ii. Beyond individual training, a training certification process is established to make sure that intact teams progress through a series of maturity phases.

iii. Teams are required to certify their abilities to function effectively. Teams are certified only after effective demonstration of knowledge and skills in areas such as customer expectations, business conditions and safety.

iv. Skills must be continually updated.

v. Certified teams are required to review their competencies periodically.


i. In HPWS, there are alternative compensation systems.

ii. To link pay and performance, employee incentives are included.

iii. There are incentives for goal achievement and even training.

iv. Incentive schemes such as gain sharing, profit-sharing and employee stock ownership schemes are common in HPWSs.

v. Scanlon plan, Rucker plan and Improshare are used in HPWSs to elicit employee suggestions and reward them for contribution to productivity.

vi. In some companies there are skill-based pay plans. Paying employees based on the number of different skills they possess, it is possible to create both a broader skill base among employees and a more flexible pool of people to rotate among interrelated jobs.

vii. In some HPWSs, employees can use the funds available on capital improvements.

viii. The open pay plan in HPWS in which everyone knows what others get is another feature of compensation systems used to create an egalitarian environment that encourages employee involvement and commitment.

Feature # 3. Leadership Role:

Leadership issues assume importance in every level in the HPWS. To support the HPWS environment, to bring changes in the culture and to modify business process, the role of leadership plays an important role.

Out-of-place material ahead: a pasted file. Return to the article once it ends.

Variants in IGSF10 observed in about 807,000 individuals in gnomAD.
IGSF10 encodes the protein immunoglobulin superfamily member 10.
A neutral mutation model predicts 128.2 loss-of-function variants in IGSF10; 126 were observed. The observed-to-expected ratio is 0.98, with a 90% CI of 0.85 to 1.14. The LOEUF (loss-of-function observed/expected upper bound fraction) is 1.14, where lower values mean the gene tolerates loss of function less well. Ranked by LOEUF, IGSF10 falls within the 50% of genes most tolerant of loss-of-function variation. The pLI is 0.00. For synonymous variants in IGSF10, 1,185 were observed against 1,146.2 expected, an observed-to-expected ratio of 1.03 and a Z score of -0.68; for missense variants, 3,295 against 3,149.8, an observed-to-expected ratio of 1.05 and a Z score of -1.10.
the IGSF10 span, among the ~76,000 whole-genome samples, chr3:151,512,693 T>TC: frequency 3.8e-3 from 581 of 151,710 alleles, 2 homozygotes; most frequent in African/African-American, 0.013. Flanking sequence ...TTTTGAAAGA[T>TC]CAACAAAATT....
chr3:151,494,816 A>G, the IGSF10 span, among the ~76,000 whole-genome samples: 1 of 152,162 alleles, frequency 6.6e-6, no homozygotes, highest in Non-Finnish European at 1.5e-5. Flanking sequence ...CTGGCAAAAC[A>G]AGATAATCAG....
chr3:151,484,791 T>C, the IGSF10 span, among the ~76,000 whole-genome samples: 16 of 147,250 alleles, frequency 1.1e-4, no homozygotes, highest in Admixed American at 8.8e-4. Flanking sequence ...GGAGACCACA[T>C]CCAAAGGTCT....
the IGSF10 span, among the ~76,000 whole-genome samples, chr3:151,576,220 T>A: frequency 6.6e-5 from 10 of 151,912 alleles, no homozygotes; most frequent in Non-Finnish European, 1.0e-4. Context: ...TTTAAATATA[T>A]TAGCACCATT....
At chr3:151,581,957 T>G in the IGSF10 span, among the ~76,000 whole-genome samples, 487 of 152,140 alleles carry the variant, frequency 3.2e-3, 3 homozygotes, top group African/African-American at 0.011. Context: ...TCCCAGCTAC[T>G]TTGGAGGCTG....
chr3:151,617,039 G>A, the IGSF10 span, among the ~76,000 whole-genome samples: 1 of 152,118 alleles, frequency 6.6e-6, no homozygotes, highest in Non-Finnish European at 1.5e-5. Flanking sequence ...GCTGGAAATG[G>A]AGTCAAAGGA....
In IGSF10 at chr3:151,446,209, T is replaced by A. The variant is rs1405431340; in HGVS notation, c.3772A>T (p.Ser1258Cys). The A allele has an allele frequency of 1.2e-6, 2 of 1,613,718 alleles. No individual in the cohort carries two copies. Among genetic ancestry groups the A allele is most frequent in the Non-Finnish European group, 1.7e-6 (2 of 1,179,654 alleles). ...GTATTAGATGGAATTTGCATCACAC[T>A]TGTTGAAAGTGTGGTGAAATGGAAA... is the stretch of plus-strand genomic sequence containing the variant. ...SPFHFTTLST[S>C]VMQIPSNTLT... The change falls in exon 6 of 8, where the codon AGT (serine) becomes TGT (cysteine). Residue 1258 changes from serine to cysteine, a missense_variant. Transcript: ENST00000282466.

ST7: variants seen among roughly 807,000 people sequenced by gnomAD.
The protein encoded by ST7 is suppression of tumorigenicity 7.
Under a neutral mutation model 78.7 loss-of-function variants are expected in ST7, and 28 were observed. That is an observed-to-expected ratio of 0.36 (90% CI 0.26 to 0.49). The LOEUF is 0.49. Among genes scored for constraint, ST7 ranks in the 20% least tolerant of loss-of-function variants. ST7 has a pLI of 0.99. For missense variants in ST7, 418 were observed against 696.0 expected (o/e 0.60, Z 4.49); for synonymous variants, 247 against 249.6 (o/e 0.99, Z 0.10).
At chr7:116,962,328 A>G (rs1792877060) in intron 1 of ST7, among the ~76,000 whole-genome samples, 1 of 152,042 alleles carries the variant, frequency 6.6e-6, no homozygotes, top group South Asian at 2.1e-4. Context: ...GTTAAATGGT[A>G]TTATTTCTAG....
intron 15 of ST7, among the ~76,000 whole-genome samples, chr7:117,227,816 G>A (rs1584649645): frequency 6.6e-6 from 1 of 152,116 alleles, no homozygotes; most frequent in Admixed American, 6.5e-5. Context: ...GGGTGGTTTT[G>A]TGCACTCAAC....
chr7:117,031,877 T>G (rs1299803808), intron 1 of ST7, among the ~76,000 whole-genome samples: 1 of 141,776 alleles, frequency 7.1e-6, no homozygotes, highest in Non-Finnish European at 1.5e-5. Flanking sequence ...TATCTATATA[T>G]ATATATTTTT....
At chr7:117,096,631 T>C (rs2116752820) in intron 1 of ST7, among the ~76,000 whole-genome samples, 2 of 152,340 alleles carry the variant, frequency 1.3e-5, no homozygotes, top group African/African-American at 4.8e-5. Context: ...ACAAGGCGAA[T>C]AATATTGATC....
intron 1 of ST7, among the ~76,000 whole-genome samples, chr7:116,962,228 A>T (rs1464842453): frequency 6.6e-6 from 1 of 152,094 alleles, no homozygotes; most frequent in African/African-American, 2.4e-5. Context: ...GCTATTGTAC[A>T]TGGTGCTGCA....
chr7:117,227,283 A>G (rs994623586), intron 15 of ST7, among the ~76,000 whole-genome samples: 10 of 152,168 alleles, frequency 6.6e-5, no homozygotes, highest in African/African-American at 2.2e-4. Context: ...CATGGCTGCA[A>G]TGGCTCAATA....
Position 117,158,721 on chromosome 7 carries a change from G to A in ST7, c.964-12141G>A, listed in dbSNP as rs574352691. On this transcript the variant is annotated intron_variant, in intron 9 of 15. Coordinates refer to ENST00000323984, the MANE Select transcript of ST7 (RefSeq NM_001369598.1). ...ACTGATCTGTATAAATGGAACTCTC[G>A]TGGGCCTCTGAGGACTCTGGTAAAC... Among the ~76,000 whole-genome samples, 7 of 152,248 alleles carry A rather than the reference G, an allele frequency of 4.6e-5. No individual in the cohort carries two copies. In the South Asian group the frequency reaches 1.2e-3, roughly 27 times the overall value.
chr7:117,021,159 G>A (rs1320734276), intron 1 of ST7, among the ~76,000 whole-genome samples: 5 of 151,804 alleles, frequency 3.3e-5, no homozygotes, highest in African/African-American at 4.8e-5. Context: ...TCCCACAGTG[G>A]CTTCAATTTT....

i. Many companies have found that the success of any HPWS depends on first changing the roles of managers and team leaders.

ii. Fewer layers of management and focus on team-based work culture bring in substantial improvement in productivity.

iii. In HPWS, managers and supervisors are seen as coaches, facilitators and integrators of team efforts.

iv. There is no place for autocratic leadership style in a HPWS. Managers always share responsibility for decision making with employees.

v. In HPWS, the term manager is replaced by the term team leader.

vi. In many cases leadership is shared among the team members.

vii. Some companies rotate team leaders at various stages in team development.

viii. HPWS allows individuals to assume functional leadership roles when their particular expertise is needed most.

Feature # 4. Information Technology:

i. Communication and information technologies are important components of HPWS. Technologies of various kinds help creating a system for communicating and sharing information which is vital to any business.

ii. IT in service sector is used to help employees monitor its service, communicate with customers and identify and solve problems quickly.